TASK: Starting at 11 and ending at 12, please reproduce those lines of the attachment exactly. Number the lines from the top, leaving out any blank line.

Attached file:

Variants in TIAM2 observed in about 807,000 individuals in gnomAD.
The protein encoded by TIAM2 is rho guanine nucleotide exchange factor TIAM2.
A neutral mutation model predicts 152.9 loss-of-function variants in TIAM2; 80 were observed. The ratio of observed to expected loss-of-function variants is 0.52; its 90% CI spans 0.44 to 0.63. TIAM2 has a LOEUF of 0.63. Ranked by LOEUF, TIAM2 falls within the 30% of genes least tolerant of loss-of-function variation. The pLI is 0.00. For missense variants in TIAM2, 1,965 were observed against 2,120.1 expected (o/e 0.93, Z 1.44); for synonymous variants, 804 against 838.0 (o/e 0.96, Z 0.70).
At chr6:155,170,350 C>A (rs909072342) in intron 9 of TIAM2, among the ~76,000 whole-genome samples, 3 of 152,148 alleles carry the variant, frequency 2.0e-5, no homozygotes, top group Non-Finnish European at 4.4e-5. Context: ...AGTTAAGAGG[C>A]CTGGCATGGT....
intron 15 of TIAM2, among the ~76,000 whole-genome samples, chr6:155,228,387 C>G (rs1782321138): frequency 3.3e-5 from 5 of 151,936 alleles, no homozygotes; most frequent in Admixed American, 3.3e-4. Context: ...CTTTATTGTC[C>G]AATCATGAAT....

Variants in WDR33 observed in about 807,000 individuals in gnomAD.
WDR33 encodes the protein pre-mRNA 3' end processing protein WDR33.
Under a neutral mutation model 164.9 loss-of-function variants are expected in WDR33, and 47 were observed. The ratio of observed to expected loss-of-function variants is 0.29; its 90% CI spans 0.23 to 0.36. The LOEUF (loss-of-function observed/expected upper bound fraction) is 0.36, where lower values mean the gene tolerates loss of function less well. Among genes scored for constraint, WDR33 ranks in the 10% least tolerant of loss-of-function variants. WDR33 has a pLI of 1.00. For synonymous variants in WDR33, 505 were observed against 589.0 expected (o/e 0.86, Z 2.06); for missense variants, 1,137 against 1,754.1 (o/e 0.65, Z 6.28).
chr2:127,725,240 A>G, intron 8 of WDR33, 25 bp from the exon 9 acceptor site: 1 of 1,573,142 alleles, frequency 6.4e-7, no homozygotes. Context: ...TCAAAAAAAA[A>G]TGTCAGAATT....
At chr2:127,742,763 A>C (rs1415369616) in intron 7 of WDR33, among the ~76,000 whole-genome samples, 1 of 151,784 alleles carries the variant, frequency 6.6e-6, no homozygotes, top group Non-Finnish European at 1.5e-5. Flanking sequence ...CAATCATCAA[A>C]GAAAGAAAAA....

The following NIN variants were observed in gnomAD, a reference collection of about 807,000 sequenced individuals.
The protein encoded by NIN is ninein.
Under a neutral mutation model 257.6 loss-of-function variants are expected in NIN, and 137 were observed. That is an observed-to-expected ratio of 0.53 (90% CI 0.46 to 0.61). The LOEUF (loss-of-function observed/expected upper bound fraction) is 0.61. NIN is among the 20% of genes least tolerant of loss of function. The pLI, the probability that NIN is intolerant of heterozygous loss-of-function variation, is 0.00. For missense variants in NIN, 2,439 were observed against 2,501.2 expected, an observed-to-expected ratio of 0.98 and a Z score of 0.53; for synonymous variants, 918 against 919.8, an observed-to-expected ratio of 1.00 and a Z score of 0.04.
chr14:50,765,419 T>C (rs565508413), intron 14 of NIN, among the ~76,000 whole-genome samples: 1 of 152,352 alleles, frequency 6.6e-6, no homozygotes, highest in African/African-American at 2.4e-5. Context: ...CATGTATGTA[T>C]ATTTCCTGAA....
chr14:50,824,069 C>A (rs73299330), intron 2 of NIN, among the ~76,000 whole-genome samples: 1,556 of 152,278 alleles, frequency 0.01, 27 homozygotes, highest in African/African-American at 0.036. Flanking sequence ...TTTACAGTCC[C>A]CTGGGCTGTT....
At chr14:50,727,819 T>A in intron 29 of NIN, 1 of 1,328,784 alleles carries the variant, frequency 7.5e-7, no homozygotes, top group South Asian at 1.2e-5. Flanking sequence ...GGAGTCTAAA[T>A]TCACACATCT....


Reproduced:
The following NIN variants were observed in gnomAD, a reference collection of about 807,000 sequenced individuals.
The protein encoded by NIN is ninein.